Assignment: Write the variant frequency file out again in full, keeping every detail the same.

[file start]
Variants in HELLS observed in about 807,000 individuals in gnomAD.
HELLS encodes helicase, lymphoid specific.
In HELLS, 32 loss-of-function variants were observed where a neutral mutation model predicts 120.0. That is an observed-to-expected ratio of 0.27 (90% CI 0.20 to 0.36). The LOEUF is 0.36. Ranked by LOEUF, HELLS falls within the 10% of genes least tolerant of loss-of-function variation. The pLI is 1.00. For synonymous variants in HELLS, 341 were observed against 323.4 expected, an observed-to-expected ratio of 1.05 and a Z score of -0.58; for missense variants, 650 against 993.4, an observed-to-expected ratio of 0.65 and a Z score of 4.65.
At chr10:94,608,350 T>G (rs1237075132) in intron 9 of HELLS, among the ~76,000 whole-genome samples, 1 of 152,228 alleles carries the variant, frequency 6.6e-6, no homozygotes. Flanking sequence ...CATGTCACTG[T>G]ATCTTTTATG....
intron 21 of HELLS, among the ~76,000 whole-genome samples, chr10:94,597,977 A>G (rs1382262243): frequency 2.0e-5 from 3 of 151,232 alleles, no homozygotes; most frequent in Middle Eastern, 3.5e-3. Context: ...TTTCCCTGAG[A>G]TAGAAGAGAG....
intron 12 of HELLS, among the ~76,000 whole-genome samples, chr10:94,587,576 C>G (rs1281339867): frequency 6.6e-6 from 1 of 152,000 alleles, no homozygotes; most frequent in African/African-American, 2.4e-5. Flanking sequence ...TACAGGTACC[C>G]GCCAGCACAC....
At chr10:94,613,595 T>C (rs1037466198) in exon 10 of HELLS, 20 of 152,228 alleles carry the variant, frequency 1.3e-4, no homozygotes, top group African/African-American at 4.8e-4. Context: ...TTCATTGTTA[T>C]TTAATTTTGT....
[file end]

Variants in HELLS observed in about 807,000 individuals in gnomAD.
HELLS encodes helicase, lymphoid specific.
In HELLS, 32 loss-of-function variants were observed where a neutral mutation model predicts 120.0. That is an observed-to-expected ratio of 0.27 (90% CI 0.20 to 0.36). The LOEUF is 0.36. Ranked by LOEUF, HELLS falls within the 10% of genes least tolerant of loss-of-function variation. The pLI is 1.00. For synonymous variants in HELLS, 341 were observed against 323.4 expected, an observed-to-expected ratio of 1.05 and a Z score of -0.58; for missense variants, 650 against 993.4, an observed-to-expected ratio of 0.65 and a Z score of 4.65.
At chr10:94,608,350 T>G (rs1237075132) in intron 9 of HELLS, among the ~76,000 whole-genome samples, 1 of 152,228 alleles carries the variant, frequency 6.6e-6, no homozygotes. Flanking sequence ...CATGTCACTG[T>G]ATCTTTTATG....
intron 21 of HELLS, among the ~76,000 whole-genome samples, chr10:94,597,977 A>G (rs1382262243): frequency 2.0e-5 from 3 of 151,232 alleles, no homozygotes; most frequent in Middle Eastern, 3.5e-3. Context: ...TTTCCCTGAG[A>G]TAGAAGAGAG....
intron 12 of HELLS, among the ~76,000 whole-genome samples, chr10:94,587,576 C>G (rs1281339867): frequency 6.6e-6 from 1 of 152,000 alleles, no homozygotes; most frequent in African/African-American, 2.4e-5. Flanking sequence ...TACAGGTACC[C>G]GCCAGCACAC....
At chr10:94,613,595 T>C (rs1037466198) in exon 10 of HELLS, 20 of 152,228 alleles carry the variant, frequency 1.3e-4, no homozygotes, top group African/African-American at 4.8e-4. Context: ...TTCATTGTTA[T>C]TTAATTTTGT....